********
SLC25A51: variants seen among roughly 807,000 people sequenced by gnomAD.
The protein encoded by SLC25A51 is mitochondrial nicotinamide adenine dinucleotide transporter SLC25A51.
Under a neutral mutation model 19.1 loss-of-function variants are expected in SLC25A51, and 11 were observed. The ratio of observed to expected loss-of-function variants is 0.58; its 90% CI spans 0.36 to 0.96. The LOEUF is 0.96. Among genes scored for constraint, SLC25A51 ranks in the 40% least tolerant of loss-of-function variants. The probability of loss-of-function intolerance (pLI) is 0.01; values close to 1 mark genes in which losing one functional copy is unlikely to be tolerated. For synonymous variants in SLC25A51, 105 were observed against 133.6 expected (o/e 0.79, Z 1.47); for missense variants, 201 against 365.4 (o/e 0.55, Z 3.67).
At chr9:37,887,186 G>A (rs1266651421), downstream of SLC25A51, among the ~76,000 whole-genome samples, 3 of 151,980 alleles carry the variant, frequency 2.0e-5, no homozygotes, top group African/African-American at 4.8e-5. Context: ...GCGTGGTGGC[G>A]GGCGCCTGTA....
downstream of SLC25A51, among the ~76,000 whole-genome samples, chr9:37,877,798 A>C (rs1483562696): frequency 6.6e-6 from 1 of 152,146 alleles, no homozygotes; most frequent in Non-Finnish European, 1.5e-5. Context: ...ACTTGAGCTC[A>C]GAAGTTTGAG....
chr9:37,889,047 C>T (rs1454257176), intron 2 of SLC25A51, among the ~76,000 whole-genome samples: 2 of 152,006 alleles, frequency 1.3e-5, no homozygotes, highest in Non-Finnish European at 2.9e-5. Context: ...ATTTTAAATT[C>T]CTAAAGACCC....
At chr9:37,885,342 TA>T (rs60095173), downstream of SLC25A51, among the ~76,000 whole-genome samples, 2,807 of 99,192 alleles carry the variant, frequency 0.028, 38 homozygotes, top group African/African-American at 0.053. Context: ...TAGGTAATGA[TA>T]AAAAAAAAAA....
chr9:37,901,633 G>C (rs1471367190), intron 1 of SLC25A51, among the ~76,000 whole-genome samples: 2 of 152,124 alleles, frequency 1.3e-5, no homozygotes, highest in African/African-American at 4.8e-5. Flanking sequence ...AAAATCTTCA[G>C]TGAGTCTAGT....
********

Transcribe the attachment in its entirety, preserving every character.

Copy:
SLC25A51: variants seen among roughly 807,000 people sequenced by gnomAD.
The protein encoded by SLC25A51 is mitochondrial nicotinamide adenine dinucleotide transporter SLC25A51.
Under a neutral mutation model 19.1 loss-of-function variants are expected in SLC25A51, and 11 were observed. The ratio of observed to expected loss-of-function variants is 0.58; its 90% CI spans 0.36 to 0.96. The LOEUF is 0.96. Among genes scored for constraint, SLC25A51 ranks in the 40% least tolerant of loss-of-function variants. The probability of loss-of-function intolerance (pLI) is 0.01; values close to 1 mark genes in which losing one functional copy is unlikely to be tolerated. For synonymous variants in SLC25A51, 105 were observed against 133.6 expected (o/e 0.79, Z 1.47); for missense variants, 201 against 365.4 (o/e 0.55, Z 3.67).
At chr9:37,887,186 G>A (rs1266651421), downstream of SLC25A51, among the ~76,000 whole-genome samples, 3 of 151,980 alleles carry the variant, frequency 2.0e-5, no homozygotes, top group African/African-American at 4.8e-5. Context: ...GCGTGGTGGC[G>A]GGCGCCTGTA....
downstream of SLC25A51, among the ~76,000 whole-genome samples, chr9:37,877,798 A>C (rs1483562696): frequency 6.6e-6 from 1 of 152,146 alleles, no homozygotes; most frequent in Non-Finnish European, 1.5e-5. Context: ...ACTTGAGCTC[A>C]GAAGTTTGAG....
chr9:37,889,047 C>T (rs1454257176), intron 2 of SLC25A51, among the ~76,000 whole-genome samples: 2 of 152,006 alleles, frequency 1.3e-5, no homozygotes, highest in Non-Finnish European at 2.9e-5. Context: ...ATTTTAAATT[C>T]CTAAAGACCC....
At chr9:37,885,342 TA>T (rs60095173), downstream of SLC25A51, among the ~76,000 whole-genome samples, 2,807 of 99,192 alleles carry the variant, frequency 0.028, 38 homozygotes, top group African/African-American at 0.053. Context: ...TAGGTAATGA[TA>T]AAAAAAAAAA....
chr9:37,901,633 G>C (rs1471367190), intron 1 of SLC25A51, among the ~76,000 whole-genome samples: 2 of 152,124 alleles, frequency 1.3e-5, no homozygotes, highest in African/African-American at 4.8e-5. Flanking sequence ...AAAATCTTCA[G>C]TGAGTCTAGT....